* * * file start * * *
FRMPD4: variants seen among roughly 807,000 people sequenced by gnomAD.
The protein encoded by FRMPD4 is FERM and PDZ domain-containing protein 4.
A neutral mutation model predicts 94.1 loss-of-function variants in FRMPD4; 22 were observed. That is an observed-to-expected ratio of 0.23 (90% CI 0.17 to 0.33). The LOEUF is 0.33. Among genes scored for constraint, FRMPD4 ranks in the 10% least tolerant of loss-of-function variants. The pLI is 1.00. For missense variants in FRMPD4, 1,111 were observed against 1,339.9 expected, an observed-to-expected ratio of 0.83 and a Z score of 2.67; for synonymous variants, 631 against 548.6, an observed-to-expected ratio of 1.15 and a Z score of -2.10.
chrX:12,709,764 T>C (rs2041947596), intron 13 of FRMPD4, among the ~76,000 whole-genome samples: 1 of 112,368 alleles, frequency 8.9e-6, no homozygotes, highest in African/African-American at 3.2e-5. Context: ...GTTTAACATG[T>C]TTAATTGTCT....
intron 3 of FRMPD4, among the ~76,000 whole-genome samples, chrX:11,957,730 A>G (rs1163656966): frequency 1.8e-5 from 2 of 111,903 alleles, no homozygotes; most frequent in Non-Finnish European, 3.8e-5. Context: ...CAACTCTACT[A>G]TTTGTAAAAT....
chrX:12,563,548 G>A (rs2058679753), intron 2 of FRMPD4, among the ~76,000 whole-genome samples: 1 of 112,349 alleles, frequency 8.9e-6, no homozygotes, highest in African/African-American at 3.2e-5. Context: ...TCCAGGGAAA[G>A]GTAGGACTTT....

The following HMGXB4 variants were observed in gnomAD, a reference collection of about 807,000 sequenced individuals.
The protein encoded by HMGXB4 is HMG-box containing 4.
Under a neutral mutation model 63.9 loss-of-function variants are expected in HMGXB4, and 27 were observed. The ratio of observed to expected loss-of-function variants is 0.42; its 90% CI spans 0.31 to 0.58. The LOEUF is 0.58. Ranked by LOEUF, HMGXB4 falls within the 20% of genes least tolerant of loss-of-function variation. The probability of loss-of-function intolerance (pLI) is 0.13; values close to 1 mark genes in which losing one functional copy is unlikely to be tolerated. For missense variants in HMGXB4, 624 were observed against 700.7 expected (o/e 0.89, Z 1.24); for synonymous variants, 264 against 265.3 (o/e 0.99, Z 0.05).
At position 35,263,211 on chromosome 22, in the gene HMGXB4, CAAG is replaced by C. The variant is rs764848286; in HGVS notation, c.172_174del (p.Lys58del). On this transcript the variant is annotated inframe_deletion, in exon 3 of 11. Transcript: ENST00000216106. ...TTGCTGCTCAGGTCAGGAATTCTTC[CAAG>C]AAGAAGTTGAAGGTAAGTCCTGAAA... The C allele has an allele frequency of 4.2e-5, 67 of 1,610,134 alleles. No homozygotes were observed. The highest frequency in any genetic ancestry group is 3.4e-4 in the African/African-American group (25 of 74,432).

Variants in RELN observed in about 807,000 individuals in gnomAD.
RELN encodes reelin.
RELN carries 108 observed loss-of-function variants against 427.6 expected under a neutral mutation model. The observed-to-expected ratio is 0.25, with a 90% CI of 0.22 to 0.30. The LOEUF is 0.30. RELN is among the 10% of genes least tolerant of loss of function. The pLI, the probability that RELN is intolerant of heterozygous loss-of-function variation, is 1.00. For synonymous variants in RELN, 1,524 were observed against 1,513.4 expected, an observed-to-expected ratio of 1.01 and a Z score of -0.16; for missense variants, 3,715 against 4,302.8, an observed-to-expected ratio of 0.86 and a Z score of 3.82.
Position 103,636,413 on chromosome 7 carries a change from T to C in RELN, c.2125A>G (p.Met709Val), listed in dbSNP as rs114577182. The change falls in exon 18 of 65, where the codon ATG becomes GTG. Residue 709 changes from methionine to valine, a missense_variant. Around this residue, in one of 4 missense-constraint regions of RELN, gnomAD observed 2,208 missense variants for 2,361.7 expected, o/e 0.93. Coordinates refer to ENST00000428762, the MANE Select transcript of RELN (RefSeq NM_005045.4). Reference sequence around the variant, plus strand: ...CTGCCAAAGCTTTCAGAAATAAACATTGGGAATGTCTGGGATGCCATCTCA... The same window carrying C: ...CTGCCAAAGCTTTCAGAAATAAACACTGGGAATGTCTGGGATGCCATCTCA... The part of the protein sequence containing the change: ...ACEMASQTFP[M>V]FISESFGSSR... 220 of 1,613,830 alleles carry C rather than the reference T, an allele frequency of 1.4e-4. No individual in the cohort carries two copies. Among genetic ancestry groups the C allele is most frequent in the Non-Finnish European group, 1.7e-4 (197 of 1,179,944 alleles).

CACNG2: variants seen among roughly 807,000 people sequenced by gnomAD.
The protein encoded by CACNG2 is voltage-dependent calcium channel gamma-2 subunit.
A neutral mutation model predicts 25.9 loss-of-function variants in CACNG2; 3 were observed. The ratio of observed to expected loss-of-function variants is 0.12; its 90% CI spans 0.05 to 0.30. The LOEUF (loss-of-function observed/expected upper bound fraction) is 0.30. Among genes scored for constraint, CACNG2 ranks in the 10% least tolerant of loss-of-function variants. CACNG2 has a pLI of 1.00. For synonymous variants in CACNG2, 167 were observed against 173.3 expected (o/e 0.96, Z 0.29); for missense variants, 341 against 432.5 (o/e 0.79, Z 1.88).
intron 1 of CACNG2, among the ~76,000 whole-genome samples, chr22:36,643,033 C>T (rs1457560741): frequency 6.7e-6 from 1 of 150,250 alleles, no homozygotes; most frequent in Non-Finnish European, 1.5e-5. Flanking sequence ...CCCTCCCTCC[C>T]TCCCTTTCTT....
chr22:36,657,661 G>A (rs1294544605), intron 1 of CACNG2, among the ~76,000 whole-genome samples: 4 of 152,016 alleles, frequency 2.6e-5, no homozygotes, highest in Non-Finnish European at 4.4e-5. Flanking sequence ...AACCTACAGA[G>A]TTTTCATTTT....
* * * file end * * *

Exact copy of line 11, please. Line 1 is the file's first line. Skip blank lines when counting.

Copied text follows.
Variants in RELN observed in about 807,000 individuals in gnomAD.